3. Lone Survivor

     Another movie based on actual events and real people in modern war. The title gives away that this story does not have a happy Hollywood ending. The power of their brother-bond as soldiers and warriors is a huge focus here. We watched this at home, and I was riveted. LOTS of "F-Bombs", but totally appropriate for the story. I cried. Again. I cried because what seams like the right and humane thing to do turns out to be the worst thing they could have done. I cried because those decision have to be made in war. I cried because these men bounced down cliffs, and were shot multiple times, yet they continued to fight in an attempt to bring down the evil that not only wanted to kill them, but wants us all dead as well. I cried because through unspeakable pain and injury, these heroes fought the enemy until their very last breath. I cried because in the midst of hell, there are good people, and soon the protected become the protectors. This time, it was my very own living room that fell silent as the real life footage scrolled across the screen, and the real faces of real heroes filled my home. Tears falling from my eyes.

I THANK GOD for men like those portrayed in these movies.
I thank GOD that some of them in generations past were my family.
I think GOD for those that are friends in my life now.

I honor them.
I revere them.
I grieve the loss of them on this planet.
I grieve for their families who loved them enough to let them go and fight for our country, and the world.
I grieve for us, as a nation, and yet rejoice that there are such heroes in this generation.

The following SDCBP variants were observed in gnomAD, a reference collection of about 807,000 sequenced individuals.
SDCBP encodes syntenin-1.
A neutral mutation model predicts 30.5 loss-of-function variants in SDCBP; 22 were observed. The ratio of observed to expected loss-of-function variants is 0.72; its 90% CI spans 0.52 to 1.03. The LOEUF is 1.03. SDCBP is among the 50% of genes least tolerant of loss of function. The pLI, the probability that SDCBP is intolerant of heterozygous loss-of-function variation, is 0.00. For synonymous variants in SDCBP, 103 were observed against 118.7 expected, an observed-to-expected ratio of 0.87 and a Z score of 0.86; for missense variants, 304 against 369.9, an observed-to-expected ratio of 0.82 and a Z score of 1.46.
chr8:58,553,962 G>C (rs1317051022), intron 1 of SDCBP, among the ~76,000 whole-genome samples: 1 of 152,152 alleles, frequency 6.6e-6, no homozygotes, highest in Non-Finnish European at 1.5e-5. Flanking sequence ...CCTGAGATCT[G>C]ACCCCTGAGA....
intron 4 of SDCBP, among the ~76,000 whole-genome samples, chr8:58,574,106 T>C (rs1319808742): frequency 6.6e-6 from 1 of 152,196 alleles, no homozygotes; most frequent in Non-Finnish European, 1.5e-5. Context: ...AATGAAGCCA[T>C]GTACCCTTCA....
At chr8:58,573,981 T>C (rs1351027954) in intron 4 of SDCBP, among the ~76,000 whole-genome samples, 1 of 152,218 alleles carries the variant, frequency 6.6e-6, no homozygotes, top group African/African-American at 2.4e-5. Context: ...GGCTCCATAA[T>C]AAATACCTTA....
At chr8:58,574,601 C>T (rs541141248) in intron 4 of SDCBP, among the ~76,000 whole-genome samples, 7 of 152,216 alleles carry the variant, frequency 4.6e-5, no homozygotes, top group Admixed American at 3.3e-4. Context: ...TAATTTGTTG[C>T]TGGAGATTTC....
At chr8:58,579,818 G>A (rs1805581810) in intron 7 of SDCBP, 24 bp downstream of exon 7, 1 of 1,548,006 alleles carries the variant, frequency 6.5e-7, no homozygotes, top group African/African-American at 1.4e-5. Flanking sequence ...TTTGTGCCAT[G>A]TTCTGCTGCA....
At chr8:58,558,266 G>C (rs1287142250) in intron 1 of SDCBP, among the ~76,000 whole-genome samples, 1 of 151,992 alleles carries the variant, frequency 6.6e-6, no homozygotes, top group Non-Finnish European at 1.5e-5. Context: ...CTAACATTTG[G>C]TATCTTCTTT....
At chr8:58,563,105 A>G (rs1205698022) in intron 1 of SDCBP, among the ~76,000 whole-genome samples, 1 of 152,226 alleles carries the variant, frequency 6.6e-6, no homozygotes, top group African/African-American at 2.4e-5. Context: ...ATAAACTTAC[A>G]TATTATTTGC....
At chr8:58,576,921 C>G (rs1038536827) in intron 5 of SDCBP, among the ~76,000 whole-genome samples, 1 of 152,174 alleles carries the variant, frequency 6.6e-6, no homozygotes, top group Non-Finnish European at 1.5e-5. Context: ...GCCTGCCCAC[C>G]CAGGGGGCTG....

Because of men like those portrayed in these movies, we all have the opportunity to
Live Well


Saturday, September 5, 2015

A Little History on Crochet

Crochet was once an embellishment exclusively for the garments of the upper echelons and the elite.

Crocheted laces have a long history that begins in the early 1820’s, with the earliest known printed examples of crochet patterns from a Dutch magazine called Penelope circa 1824.

Some years earlier there is a descriptive narrative from 1812 that describes “shepherd’s knitting” as a method of making garments from hand-spun wool. This yarn was likely made by collecting tufts of wool that had snagged on bushes or might have been in the animal’s sleeping area, combing it, and using the hands to pull the fibers apart and twist them together. A hook made from a comb, or carved from a stick would then be used to work the loops to form the fabric.

Crochet began to solidify itself as a ladies fine work in the mid 1800’s, and purses and handbags were some of the first articles crocheted with published patterns made regularly as a demonstration of one’s fine workman ship and wealth. Stitched from silk, gold and linen threads, these elegant satchels would speak volumes about a ladies status without her having to utter a word.

Brittan's Queen Victoria pictured crocheting.
She was also a prolific knitter and needle worker of all sorts. She taught her daughters to stitch as well